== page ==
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Cervical Insufficiency

Contact Maternal Fetal Medicine at UPMC-Magee Womens Hospital

To make an appointment with a maternal fetal medicine expert, call 412-641-6361.

What Is Cervical Insufficiency?

Doctors define a cervical insufficiency as one that is weak and can open well before your baby is due.

Your cervix is a tunnel-like opening at the bottom of your uterus.

A healthy cervix stays long and tightly closed until your labor begins. When you're ready to give birth, your cervix thins out, shortens, and dilates (opens) so your baby can pass through.

With cervical insufficiency, it dilates too early. This happens in about 1 out of every 100 pregnancies.

It may cause miscarriage in your 2nd or 3rd trimester or premature delivery.

Types of cervical insufficiency

A cervical insufficiency is one or both of these:

  • Short (less than 25 mm long).
  • Structurally weak.

Cervical insufficiency causes

An abnormally short cervix or one that is weak might be due to:

  • A birth defect in the shape of your cervix, or in your cervical tissue causing it to shorten prematurely when you're pregnant.
  • Exposure to a type of estrogen called diethylstilbestrol (DES) while you were in your mother's womb.
  • An injury to your cervix from a prior pregnancy, surgery, or treatment like a D&C.
  • A past miscarriage or an abortion.

Many times, doctors don't know the cause of cervical insufficiency.

Cervical insufficiency risk factors and complications

If you had a previous pregnancy loss due to cervical insufficiency, there's up to a 30% chance it may happen again.

But, in a first pregnancy, most women don't know if they have this problem.

And doctors don't routinely check for it during your prenatal visits unless you have risk factors such as:

  • A past miscarriage in your 2nd or 3rd trimester.
  • A prior premature delivery that happened quickly and without contractions.
  • Your mother took DES while pregnant with you.

As your unborn baby grows, their weight presses against your cervix. That can cause a cervical insufficiency to open even without contractions.

Left untreated, it increases your risk of pregnancy loss or early labor.

How to prevent cervical insufficiency

You can't prevent this condition, but there are ways of managing the risks it creates, as discussed below.

It's crucial to get routine prenatal care so your doctor can watch for any changes in your cervix. They can also refer you to a team of high-risk pregnancy specialists if needed.

If you're at risk, there are tests to diagnose it and methods that can help you have a healthy pregnancy.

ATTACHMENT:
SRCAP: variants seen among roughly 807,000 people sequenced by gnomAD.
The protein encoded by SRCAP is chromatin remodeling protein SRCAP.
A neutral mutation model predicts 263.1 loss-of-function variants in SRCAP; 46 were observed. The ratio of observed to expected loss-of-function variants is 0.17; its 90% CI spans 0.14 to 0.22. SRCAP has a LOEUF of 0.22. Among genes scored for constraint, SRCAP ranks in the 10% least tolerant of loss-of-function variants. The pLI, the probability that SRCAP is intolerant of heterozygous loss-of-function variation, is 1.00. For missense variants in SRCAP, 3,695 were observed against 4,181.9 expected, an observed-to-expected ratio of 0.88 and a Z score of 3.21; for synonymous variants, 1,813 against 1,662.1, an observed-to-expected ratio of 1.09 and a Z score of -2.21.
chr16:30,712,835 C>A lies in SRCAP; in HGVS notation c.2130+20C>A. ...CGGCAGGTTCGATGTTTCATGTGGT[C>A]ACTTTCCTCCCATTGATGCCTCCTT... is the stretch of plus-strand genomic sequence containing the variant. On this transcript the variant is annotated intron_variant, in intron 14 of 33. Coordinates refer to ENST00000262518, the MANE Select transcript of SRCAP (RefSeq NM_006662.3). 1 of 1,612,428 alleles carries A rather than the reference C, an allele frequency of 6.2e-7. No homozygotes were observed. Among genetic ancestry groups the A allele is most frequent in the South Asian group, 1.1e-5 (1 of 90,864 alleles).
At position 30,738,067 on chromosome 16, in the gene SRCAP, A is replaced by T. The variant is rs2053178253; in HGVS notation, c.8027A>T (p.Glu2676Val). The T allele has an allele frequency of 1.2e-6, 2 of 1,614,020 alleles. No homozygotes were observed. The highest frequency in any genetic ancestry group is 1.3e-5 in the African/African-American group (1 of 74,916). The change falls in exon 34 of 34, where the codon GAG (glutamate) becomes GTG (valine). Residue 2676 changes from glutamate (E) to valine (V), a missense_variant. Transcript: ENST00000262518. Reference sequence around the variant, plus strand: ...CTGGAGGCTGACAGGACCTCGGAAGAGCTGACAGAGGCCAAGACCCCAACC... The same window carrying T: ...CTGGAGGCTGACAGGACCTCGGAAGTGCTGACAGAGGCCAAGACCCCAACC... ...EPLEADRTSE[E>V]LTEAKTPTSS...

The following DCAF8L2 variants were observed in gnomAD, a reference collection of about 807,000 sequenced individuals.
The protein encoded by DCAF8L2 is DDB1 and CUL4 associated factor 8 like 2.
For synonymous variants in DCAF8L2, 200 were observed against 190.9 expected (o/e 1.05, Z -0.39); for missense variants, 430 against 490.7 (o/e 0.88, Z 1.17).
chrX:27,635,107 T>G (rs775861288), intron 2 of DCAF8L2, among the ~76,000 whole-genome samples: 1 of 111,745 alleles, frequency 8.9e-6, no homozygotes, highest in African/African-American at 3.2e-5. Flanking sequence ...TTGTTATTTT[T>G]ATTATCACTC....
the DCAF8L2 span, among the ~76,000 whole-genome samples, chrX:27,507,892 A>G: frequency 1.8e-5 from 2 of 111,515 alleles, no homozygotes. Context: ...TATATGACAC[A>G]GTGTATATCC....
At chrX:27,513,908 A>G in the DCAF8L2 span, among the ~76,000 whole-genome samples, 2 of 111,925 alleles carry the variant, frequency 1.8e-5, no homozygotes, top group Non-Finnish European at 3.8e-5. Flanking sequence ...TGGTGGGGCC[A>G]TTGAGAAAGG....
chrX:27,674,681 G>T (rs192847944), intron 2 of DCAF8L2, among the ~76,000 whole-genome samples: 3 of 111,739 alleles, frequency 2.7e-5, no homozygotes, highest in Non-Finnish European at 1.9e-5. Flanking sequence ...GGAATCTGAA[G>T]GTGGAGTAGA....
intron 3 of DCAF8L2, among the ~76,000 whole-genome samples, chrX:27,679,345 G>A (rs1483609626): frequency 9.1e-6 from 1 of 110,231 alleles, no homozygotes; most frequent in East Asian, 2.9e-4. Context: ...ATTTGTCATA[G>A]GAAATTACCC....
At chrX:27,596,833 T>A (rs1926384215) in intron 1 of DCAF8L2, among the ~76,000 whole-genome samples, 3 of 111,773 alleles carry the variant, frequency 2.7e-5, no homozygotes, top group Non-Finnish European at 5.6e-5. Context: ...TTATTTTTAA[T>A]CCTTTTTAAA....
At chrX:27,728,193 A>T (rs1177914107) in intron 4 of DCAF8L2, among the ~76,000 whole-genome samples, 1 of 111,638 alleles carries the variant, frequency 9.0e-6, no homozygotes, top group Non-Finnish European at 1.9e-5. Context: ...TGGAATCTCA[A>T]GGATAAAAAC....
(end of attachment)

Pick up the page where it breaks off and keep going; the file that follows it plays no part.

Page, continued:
Why choose UPMC Magee-Womens Hospital for cervical insufficiency care?

  • Maternal fetal medicine at Magee offers care for high-risk pregnancies from national and global experts.
  • Our skilled team knows how to diagnose and treat cervical insufficiency.
  • We're trained in evidence-based obstetrical care for women with complex pregnancies

Cervical Insufficiency Symptoms and Diagnosis

Many women with this condition don't have symptoms.

But you might have:

  • A feeling of pressure in your pelvis or lower belly.
  • Cramps.
  • Back pain.
  • Light bleeding or a change in discharge from your vagina.

If you have any heavy bleeding or cramping, call your doctor and then go to the ER.

Diagnosing cervical insufficiency

Your doctor can diagnose this condition with:

  • A pelvic exam of your cervix.
  • A transvaginal ultrasound to get a close view of your cervix and measure its length. While you may feel some discomfort, this test shouldn't hurt.

Cervical Insufficiency Treatments

Your doctor will watch your cervix carefully with ultrasounds or pelvic exams and decide if you need any treatment.

There are 2 treatments that can prevent your cervix from dilating too early, so you can carry your baby to term.

Cervical cerclage

With a cervical cerclage, your doctor goes in through your vagina and stitches your cervix closed. It helps strengthen your cervix, so it's less likely to shorten and dilate.

This is outpatient surgery. You'll get medicine so you won't feel any pain during the surgery.

Your doctor can do a cervical cerclage early in your 2nd trimester. They'll remove the stitches when you're about 36 weeks pregnant and it's safe to have your baby.

You can't have this treatment if:

  • You're carrying more than 1 baby.
  • Your water breaks.

Progesterone treatment

Progesterone is a hormone that helps your uterus grow during your pregnancy. It also prevents contractions from starting.

If you're carrying only one baby, taking progesterone supplements can reduce your risk of having a miscarriage or premature labor.

Your doctor might prescribe progesterone until you're 36 weeks pregnant.

It comes in the form of:

  • Weekly shots if you've had a premature birth before.
  • Vaginal pills if you have a short cervix but no prior premature births.